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Meridian Brothers collaborate with an imaginary salsa band on new album

SCOTT SIMON, HOST:

El Grupo Renacimiento was born in 1977 in the streets of Bogota. And as the story goes - if you choose to believe it - the salsa band led a lively celebration of Latin American folklore and socially conscious lyrics in their heyday.

(SOUNDBITE OF SONG, "LA POLICIA")

MERIDIAN BROTHERS: (Singing in Spanish).

SIMON: But they fell on hard times decades ago. Now they're making a comeback album with the modern Colombian band Meridian Brothers.

Eblis Alvarez, who is the mind behind the band Meridian Brothers, joins us now. Thank you so much for being with us.

EBLIS ALVAREZ: Thanks. Thank you, Scott.

SIMON: We need to understand this because people are going to, you know, immediately Google and wonder why none of their recordings are available. This is a band you made up.

ALVAREZ: Yeah, exactly, exactly. It's a combination between storytelling and reality inside the studio, within real musicians and modern musicians.

SIMON: Tell us about the backstory you - I guess you invented, you devised for El Grupo Renacimiento. How did they come together? What broke them apart?

ALVAREZ: Well, so the story goes as follows. It was Artemio Morela (ph) and Walditrudis Urango (ph), a couple of guys living in Las Tinas, Magdalena, which is a small village in the north of Colombia. They wanted to try to go to Bogota and do music. And they used to have the influences of Italian ballads, for example, of the old soneros from Cuba and from New York. And once, they listened to the Lebron Brothers, which is a Puerto Rican band. And that made a click in the head of Artemio. He said that's the thing they want to do. So they decided to go into salsa.

(SOUNDBITE OF SONG, "POEMA DEL SALSERO RESENTIDO")

MERIDIAN BROTHERS: (Singing in Spanish).

ALVAREZ: They were kind of famous. But then, they started to party too much and then fell into drugs, and so...

SIMON: That's happened to a lot of groups, hasn't it?

ALVAREZ: Yeah, that's an archetype almost. So then they found religion, and they began to play again in the church.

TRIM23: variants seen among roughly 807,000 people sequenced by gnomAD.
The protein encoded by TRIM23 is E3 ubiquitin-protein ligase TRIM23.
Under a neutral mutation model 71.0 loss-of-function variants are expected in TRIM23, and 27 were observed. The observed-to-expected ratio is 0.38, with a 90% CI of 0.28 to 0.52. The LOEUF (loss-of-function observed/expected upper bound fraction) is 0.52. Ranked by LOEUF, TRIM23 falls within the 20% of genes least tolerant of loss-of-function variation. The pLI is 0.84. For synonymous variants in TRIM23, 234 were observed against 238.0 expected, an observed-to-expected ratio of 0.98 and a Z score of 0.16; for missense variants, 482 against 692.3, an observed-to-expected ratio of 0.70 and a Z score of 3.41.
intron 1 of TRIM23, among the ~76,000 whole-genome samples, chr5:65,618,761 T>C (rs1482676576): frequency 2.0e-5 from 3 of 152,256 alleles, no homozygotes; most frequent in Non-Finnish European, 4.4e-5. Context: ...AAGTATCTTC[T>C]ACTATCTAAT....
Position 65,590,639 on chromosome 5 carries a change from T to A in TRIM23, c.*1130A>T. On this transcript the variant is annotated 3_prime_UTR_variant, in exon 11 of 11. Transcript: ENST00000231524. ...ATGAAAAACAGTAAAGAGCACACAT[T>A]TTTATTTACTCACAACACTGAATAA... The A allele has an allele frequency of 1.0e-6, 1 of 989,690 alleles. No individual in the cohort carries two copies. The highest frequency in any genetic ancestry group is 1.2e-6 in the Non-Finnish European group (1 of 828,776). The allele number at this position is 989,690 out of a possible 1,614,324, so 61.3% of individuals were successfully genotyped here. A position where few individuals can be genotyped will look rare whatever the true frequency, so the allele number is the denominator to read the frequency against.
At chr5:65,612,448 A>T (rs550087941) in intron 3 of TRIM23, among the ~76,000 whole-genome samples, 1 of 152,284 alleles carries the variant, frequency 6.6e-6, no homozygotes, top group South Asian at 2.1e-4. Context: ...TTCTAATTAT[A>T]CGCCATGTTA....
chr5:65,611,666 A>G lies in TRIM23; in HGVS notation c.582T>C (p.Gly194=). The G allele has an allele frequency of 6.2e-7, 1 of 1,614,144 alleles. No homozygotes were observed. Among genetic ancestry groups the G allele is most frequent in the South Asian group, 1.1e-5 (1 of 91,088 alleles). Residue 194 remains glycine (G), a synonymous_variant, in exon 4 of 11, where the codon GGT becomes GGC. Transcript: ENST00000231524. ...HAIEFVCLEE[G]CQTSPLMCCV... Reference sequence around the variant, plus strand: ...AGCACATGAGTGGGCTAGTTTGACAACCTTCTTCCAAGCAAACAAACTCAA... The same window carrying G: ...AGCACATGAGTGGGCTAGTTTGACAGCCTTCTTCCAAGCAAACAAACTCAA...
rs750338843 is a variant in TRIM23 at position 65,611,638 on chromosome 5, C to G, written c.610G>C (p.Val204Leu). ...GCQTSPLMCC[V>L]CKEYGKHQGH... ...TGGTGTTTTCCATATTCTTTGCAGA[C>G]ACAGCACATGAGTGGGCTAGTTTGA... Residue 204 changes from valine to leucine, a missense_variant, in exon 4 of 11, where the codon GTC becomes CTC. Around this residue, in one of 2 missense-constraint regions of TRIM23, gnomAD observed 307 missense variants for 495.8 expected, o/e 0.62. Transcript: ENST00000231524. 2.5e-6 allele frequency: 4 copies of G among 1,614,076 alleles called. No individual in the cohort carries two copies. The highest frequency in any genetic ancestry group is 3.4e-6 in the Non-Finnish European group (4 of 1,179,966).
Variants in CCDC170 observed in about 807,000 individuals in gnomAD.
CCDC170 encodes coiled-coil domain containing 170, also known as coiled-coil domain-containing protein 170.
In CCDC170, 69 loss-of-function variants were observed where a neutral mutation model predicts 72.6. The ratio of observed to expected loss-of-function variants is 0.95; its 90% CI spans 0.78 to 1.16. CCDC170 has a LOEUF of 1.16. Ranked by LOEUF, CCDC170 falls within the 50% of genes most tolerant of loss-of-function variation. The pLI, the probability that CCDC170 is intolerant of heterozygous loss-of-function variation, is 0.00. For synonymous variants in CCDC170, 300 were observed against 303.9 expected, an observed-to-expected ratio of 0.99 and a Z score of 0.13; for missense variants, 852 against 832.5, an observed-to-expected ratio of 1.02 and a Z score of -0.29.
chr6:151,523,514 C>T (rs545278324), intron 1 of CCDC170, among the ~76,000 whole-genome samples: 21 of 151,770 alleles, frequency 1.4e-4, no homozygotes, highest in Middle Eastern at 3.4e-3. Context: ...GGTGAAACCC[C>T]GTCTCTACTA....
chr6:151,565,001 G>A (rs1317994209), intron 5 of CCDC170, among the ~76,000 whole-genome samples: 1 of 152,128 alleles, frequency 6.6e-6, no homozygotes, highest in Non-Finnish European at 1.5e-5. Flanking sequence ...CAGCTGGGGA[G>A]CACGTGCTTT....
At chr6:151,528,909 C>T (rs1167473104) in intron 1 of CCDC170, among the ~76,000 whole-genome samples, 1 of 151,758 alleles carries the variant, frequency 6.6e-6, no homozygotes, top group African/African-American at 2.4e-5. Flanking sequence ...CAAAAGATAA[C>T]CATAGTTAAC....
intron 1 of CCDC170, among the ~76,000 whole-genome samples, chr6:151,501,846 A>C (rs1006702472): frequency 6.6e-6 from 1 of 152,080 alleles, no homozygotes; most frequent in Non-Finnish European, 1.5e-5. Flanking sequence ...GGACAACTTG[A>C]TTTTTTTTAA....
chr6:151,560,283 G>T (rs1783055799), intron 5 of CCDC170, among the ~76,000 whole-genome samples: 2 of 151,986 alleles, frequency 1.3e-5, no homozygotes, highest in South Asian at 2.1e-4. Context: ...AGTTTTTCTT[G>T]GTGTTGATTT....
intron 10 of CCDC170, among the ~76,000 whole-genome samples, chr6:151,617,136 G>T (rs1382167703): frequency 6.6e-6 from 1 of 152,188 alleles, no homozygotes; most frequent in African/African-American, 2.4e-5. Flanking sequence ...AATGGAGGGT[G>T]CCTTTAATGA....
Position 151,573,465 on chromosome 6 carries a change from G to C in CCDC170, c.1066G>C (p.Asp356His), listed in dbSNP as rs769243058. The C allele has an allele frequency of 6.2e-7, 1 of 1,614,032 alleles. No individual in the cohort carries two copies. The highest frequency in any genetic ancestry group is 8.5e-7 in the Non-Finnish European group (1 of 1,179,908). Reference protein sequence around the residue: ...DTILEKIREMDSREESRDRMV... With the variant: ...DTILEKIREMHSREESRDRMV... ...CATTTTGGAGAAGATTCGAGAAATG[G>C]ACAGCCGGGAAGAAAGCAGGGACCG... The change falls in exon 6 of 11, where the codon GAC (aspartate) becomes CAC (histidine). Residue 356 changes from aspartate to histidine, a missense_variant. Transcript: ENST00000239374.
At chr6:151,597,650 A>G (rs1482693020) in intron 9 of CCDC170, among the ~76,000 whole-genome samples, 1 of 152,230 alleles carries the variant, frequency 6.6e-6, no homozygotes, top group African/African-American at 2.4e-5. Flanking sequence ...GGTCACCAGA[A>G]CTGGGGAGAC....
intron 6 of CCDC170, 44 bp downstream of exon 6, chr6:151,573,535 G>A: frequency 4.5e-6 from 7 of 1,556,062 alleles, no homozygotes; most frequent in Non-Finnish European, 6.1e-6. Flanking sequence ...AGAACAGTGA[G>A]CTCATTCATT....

(SOUNDBITE OF SONG, "POEMA DEL SALSERO RESENTIDO")

MERIDIAN BROTHERS: (Singing in Spanish).

SIMON: Does creating the band in your mind and then doing their music give you an artistic license to go places that you might not discover otherwise?

ALVAREZ: Yeah, kind of. I mean, this psychologic figure really helped me to go inside another, like, way of seeing things in music apart from the self, actually.

SIMON: That brings us to the song that this group you have created do called "Metamorfosis."

(SOUNDBITE OF SONG, "METAMORFOSIS")

MERIDIAN BROTHERS: (Singing in Spanish).

SIMON: Tell us about that song because it seems to be about the way we make technology a part of our lives.

(SOUNDBITE OF SONG, "METAMORFOSIS")

MERIDIAN BROTHERS: (Singing in Spanish).

ALVAREZ: It's just this song since salsa singers in the '70s, they used to sing about, you know, like, actual problems - social problems, political problems, human problems of emotional problems. So I decide to imitate that attitude - "Metamorfosis" - that tells about this dystopian world where technology takes over the human brain, takes over the human body, takes over the human societies and control it.

(SOUNDBITE OF SONG, "METAMORFOSIS")

MERIDIAN BROTHERS: (Singing in Spanish).

ALVAREZ: And Grupo Renacimiento sings about that as maybe a problem.

SIMON: The music is very rich and embroidered with so many different themes and places and traditions. I wonder if you can walk us through the cover song, "La Mujer Sin Corazon" - the woman without a heart.

ALVAREZ: Well, I'm very fond of jibaro music, which is traditional music from Puerto Rico mainly done with the strings, with tres.

(SOUNDBITE OF SONG, "LA MUJER SIN CORAZON")

MERIDIAN BROTHERS: (Singing in Spanish).

ALVAREZ: So this is "La Mujer Sin Corazon," a jibaro number, I wouldn't say updated, but put it into the salsa format with El Grupo Renacimiento.

(SOUNDBITE OF SONG, "LA MUJER SIN CORAZON")

MERIDIAN BROTHERS: (Singing in Spanish).

ALVAREZ: The influence is basically jibaro, but then jibaro music was also copied by some salsa bands. So I replaced the instruments with the congas, the timbal and the bass.

(SOUNDBITE OF SONG, "LA MUJER SIN CORAZON")

SIMON: Does going back and discovering old music - does that in any way change what you do as the Meridian Brothers when you make your next album? Because you're known for doing music that is very futuristic.

ALVAREZ: Definitely. We have a collective of friends that are, you know, making the same things. And one of our activities is to collect records and to try to rebuild the story of our discography - not only Colombian, but Latin American, but also, you know, some other places - African, European. So this is really an inspiration. It's quite an inspiration and a contribution to culture, I guess, in our country, taking these recordings and the past as a departure point.

(SOUNDBITE OF SONG, "BOMBA ATOMICA")

MERIDIAN BROTHERS: (Singing in Spanish).

SIMON: Eblis Alvarez of the band Meridian Brothers. His new album, new old group, is "El Grupo Renacimiento." Thank you so much for joining us, and our best to the group.

ALVAREZ: Thank you, Scott.

(SOUNDBITE OF SONG, "BOMBA ATOMICA")

MERIDIAN BROTHERS: (Singing in Spanish). Transcript provided by NPR, Copyright NPR.

Isabella Gomez Sarmiento is a production assistant with Weekend Edition.